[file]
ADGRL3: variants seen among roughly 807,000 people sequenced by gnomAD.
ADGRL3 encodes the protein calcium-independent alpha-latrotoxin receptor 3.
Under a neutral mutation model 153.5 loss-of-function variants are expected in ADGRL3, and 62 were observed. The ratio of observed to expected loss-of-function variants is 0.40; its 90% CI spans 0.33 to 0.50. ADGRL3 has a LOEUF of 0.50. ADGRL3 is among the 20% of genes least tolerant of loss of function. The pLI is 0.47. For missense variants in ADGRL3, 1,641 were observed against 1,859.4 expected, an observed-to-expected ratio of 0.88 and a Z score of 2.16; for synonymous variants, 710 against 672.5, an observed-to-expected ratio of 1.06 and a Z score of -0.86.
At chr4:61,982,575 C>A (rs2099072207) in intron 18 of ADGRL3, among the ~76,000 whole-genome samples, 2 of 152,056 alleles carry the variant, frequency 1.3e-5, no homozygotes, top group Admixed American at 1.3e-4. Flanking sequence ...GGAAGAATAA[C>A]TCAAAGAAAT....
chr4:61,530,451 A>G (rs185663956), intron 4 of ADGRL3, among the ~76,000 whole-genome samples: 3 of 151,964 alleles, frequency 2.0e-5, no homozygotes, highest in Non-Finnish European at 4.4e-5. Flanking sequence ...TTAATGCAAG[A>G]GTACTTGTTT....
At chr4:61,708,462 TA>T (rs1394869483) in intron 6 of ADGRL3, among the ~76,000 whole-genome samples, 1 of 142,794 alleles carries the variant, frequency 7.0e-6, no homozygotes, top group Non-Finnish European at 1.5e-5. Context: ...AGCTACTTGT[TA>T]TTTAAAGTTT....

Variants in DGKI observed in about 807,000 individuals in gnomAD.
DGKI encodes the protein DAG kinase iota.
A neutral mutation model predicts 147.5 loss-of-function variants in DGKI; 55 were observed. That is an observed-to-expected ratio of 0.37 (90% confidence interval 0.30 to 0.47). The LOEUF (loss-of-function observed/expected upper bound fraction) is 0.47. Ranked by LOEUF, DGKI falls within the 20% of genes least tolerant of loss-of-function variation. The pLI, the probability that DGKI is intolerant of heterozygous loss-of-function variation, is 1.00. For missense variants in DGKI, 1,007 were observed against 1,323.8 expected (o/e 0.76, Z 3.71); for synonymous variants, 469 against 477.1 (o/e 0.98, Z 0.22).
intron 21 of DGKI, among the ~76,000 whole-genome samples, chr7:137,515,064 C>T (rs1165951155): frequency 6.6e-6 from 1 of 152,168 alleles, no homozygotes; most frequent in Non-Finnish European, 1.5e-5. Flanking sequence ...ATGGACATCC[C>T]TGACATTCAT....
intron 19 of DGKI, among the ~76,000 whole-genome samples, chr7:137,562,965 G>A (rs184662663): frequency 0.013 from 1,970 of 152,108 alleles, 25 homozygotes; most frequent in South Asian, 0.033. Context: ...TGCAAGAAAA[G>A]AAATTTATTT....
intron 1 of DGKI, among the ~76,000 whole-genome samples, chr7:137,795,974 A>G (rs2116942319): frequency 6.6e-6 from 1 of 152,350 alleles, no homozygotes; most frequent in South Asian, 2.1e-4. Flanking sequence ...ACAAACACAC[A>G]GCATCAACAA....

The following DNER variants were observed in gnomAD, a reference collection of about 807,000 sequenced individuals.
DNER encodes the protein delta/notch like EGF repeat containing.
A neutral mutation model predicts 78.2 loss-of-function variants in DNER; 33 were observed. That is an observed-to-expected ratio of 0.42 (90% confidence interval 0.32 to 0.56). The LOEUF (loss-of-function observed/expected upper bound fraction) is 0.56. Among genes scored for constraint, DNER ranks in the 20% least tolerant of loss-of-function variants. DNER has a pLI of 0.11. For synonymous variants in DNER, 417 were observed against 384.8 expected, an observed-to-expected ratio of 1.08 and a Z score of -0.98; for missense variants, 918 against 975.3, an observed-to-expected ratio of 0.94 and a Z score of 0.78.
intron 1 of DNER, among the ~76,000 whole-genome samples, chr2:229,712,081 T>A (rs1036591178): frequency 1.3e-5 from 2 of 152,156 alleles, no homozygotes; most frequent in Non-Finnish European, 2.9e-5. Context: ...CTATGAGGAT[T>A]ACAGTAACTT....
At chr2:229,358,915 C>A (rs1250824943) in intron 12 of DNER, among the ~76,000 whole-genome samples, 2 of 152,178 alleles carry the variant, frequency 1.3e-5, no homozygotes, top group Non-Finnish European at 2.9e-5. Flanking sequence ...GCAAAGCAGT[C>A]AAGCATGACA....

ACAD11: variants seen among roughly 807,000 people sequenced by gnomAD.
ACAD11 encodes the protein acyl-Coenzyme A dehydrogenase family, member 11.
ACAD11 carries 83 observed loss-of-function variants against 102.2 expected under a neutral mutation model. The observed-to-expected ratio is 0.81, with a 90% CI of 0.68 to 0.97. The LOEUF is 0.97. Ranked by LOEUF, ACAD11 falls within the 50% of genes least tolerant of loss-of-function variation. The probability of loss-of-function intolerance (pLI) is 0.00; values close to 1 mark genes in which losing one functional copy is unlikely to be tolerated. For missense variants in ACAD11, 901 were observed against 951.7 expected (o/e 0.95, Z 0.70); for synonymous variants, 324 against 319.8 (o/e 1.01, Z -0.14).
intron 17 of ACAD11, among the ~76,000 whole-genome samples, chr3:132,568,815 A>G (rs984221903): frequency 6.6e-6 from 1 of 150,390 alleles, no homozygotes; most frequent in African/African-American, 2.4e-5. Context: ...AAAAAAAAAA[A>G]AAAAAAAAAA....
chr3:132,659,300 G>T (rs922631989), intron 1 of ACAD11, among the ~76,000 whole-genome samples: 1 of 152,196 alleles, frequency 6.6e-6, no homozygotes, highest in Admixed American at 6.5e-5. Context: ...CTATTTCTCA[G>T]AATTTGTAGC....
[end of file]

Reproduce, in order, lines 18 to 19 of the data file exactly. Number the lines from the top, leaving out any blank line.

ACAD11: variants seen among roughly 807,000 people sequenced by gnomAD.
ACAD11 encodes the protein acyl-Coenzyme A dehydrogenase family, member 11.